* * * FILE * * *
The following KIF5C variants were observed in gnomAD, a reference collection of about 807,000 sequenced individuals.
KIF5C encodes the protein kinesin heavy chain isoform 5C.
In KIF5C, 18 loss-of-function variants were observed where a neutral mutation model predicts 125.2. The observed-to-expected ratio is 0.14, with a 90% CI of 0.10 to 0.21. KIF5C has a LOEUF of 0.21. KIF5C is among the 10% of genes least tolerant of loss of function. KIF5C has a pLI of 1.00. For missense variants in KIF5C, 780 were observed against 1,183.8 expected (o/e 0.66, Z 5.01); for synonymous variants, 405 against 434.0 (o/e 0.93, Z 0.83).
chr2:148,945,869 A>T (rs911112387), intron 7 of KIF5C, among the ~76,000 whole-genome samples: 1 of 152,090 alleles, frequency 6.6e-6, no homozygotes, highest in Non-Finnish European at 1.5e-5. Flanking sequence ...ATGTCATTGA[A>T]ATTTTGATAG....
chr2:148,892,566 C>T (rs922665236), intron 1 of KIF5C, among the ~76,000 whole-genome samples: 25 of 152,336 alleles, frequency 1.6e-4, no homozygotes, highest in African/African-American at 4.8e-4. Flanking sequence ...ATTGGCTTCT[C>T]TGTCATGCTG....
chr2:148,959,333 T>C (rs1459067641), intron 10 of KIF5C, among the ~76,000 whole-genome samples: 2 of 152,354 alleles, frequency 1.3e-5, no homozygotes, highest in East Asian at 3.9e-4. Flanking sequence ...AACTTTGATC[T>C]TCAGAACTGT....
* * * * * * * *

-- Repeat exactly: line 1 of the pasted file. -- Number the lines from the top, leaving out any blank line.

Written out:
The following KIF5C variants were observed in gnomAD, a reference collection of about 807,000 sequenced individuals.